Imported ch l es banned
Bhutan Agriculture and Food Regulatory Authority (BAFRA) temporarily banned import of chilies on July 22 following detection of pesticide content that exceeded permissible limits.
BAFRA had sent three varieties of imported chilies to India in May for laboratory testing after a variety of imported chili was found containing pesticide.
The laboratory report revealed the presence of pesticides which are moderately toxic and the use of which is not permitted in the country.
Since then, BAFRA implemented the ban with immediate effect across the country.
One week after the ban of imported chilies, local chili prices hit a new high with prices fluctuating between Nu 300 to Nu 500/ kg at the centenary farmers’ market.
People started consuming other chili like cherry pepper (dallay), which also came dear at Nu 100/25gms.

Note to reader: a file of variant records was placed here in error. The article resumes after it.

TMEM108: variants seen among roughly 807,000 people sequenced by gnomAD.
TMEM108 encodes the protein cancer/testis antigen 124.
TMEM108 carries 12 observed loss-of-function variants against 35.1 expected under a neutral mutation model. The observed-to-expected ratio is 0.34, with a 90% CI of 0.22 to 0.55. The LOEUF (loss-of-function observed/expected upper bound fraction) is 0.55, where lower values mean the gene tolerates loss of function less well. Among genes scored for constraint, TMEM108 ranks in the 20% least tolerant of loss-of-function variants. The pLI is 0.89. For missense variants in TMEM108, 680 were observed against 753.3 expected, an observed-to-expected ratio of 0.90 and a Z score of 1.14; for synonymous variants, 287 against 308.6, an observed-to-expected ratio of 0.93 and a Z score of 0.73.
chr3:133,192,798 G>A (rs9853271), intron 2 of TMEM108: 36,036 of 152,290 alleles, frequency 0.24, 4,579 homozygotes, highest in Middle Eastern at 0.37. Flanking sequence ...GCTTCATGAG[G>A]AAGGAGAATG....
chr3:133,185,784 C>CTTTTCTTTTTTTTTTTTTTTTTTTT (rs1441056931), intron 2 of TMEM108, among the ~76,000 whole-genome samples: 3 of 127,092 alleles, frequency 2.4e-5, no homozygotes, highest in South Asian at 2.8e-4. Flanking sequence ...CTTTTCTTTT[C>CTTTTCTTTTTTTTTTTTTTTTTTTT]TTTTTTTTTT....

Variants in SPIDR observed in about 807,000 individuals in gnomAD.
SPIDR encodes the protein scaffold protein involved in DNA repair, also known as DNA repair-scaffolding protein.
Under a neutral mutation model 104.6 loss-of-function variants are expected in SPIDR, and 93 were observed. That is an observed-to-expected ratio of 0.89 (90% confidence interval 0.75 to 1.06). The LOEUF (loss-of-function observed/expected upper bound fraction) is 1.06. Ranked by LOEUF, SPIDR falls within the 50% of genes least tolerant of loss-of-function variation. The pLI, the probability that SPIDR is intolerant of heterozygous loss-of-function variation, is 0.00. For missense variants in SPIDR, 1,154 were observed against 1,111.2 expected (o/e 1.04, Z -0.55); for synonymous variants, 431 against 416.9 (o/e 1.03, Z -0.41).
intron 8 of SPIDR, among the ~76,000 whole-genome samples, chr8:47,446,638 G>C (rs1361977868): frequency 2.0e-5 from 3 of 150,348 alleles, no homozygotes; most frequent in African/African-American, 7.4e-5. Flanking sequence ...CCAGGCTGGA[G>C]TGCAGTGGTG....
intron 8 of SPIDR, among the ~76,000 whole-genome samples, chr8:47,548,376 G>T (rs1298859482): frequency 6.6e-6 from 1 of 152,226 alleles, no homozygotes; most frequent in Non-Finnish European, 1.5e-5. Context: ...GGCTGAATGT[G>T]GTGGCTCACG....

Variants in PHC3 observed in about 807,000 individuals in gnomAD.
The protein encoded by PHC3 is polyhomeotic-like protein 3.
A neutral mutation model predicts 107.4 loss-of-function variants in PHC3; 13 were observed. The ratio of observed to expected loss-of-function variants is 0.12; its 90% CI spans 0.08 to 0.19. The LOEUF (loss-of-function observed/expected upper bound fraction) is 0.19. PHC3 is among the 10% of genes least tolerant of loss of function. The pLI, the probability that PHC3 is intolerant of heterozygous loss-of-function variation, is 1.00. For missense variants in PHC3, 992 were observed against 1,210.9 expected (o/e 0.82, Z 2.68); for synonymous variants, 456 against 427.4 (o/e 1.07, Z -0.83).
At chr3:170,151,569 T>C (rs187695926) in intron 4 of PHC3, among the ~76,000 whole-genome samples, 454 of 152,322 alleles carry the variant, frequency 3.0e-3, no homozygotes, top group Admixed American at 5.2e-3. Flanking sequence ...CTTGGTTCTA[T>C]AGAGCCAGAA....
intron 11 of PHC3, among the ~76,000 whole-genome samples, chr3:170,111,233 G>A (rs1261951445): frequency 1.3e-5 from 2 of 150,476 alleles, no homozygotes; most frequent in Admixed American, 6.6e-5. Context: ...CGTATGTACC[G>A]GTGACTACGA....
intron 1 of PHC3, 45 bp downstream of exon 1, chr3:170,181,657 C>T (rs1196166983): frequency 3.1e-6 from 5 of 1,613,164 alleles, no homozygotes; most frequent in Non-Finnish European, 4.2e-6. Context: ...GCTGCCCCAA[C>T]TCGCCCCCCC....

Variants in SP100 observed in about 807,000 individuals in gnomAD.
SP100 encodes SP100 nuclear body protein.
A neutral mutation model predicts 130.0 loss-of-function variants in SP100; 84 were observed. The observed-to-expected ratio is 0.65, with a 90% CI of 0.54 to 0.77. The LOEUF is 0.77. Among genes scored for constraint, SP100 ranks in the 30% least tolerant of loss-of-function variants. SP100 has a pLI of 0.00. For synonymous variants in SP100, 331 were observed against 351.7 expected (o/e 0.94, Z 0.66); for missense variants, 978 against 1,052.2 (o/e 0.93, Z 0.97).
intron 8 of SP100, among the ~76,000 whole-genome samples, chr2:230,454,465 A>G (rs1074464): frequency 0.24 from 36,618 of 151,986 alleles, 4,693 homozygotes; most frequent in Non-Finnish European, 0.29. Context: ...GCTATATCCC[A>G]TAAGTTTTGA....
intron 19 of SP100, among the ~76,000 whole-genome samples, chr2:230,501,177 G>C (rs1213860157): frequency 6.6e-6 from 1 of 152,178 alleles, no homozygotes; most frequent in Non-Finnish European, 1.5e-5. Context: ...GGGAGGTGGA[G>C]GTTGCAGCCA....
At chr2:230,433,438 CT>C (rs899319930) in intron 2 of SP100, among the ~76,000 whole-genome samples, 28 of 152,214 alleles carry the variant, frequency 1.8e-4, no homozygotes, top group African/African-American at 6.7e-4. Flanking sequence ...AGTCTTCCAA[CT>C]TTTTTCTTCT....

After almost five months of the ban, about three metric tons of chili were transported in a chartered flight on December 4 by the two Bhutanese airlines from Kolkata for free.
According to the agriculture minister, Lyonpo Yeshey Dorji, the shortage of chilies was strongly felt in the capital and not much in the other dzongkhags.
The country’s requirement for chili during winter is about 1,527MT considering that two-thirds of the annual import of chilies, which is 2,291MT, is consumed during winter.